Opinion

David Cay Johnston

Where’s the fraud, Mr. President?

David Cay Johnston
Dec 13, 2011 15:07 UTC

By David Cay Johnston

The views expressed are his own.

A new report from London and President Barack Obama’s statements to “60 Minutes” show financial crimes spreading like wildfire and governments failing to stop them.

Tax evasion equals 18 percent of global tax collections, a new report by British accountant Richard Murphy shows. His report for the Tax Justice Network cleverly lined up a World Bank Report on the size of shadow economies with a Heritage Foundation report on average tax burdens by country to reach that figure.

Murphy’s $3 trillion estimate, 5 percent of the global economy, shows how a combination of weak rules on accounting and disclosure combined with inadequate budgets to enforce tax laws impose a terrible cost on honest taxpayers and the beneficiaries of government service.

While the United States has one of the most effective tax regimes, especially for on-the-books wage earners and pensioners, and one of the smallest underground or shadow economies, it has the largest amount of tax evasion measured in dollars.

Murphy’s report covers 145 countries that generated $61.7 trillion of gross product, 98.2 percent of the world total. The 145 countries had only 61.7 percent of world population, a reminder of how poor the more than 2.7 billion people in the other 90 countries are.

Closing Wall Street’s casino

David Cay Johnston
Nov 18, 2011 20:26 UTC

The author is a Reuters columnist. The opinions expressed are his own.

A superb example of a sound rule in law and economics that needs reviving, because it can halt the rampant speculation in derivatives, is the ancient legal principle that gambling debts are not enforceable through court action.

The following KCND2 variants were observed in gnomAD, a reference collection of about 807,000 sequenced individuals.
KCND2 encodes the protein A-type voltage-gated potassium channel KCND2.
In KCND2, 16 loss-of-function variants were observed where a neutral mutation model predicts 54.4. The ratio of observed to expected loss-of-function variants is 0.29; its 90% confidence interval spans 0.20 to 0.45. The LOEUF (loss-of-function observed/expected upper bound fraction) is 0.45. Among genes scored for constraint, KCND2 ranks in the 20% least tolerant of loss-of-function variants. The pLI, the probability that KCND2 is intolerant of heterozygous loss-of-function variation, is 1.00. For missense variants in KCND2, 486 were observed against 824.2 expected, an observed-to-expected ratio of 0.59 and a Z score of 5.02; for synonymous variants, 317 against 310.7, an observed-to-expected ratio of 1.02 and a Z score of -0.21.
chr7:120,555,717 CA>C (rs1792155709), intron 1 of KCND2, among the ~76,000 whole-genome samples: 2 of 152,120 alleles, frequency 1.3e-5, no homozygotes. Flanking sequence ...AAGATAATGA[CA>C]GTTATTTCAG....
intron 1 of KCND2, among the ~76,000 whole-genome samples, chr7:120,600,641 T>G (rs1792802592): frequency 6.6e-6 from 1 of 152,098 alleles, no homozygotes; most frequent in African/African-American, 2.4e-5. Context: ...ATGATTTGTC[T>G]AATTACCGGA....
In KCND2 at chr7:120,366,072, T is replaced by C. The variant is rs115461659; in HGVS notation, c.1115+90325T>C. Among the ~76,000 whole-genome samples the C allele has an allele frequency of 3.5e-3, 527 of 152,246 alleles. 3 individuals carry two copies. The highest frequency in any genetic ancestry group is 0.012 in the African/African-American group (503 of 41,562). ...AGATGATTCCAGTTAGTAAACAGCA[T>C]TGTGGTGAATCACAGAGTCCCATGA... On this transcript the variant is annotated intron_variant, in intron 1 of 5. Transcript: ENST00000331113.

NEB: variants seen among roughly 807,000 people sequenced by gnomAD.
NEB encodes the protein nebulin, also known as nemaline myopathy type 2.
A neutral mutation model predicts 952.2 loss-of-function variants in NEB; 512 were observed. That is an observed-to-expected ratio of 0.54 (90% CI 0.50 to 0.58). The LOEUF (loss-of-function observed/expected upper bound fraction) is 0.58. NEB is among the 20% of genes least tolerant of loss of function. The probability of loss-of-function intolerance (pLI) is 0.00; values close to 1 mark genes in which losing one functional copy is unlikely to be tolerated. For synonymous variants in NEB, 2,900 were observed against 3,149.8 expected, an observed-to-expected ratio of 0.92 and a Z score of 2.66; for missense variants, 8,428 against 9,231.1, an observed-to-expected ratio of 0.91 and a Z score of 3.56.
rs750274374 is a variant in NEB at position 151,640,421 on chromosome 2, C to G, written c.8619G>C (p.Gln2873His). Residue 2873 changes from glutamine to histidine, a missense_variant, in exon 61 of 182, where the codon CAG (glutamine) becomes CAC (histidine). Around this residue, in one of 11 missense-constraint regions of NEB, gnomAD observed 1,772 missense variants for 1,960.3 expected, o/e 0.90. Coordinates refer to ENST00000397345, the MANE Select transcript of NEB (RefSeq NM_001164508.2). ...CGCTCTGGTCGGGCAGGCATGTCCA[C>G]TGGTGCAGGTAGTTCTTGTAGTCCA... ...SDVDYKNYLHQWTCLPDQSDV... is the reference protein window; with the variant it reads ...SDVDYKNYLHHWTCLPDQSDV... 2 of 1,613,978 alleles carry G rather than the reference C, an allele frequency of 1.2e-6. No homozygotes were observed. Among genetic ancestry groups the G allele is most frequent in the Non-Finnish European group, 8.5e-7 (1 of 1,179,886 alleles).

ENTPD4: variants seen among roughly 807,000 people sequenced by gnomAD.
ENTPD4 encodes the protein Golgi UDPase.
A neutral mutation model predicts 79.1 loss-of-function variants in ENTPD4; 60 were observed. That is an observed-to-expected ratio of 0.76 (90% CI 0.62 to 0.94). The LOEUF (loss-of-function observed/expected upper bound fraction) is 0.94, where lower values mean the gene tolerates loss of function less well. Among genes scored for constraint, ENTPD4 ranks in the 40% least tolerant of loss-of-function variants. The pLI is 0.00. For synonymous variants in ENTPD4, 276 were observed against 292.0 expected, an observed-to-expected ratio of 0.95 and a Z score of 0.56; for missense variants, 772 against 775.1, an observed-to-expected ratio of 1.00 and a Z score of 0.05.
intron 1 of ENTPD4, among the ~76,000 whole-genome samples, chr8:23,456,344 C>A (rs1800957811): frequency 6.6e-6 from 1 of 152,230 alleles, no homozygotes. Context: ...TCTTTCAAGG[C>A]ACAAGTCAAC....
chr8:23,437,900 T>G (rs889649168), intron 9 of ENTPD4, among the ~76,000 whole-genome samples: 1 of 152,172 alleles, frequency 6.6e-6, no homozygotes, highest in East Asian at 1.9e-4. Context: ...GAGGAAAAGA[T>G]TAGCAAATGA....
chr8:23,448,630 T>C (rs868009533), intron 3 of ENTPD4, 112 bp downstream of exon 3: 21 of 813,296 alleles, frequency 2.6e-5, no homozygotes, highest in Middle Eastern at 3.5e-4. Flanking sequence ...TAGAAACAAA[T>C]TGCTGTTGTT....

Not so long ago — before casinos, currency and commodities speculation, and credit default swaps became big business — U.S. courts would not enforce gambling debts.

Restoring this principle offers a simple way to shrink the rampant speculation in derivatives that was central to the 2008 meltdown on Wall Street.

Meltdown redux

David Cay Johnston
Nov 15, 2011 15:30 UTC

The author is a Reuters columnist. The opinions expressed are his own.

KANSAS CITY, Mo. –  The U.S. politician-businessman that Congress put in charge of determining the reasons for the 2008 financial crisis has a sobering message for us: “It’s going to happen again.”

Phil Angelides, the real estate developer and former California state treasurer who chaired the Financial Crisis Inquiry Commission, said on Friday that “all across the marketplace the warning signs were there” of a coming disaster but the mechanisms and political will to stop it were not.

He and I both spoke at a University of Missouri-Kansas City Law School symposium on the financial crisis and the commission set up to examine it.

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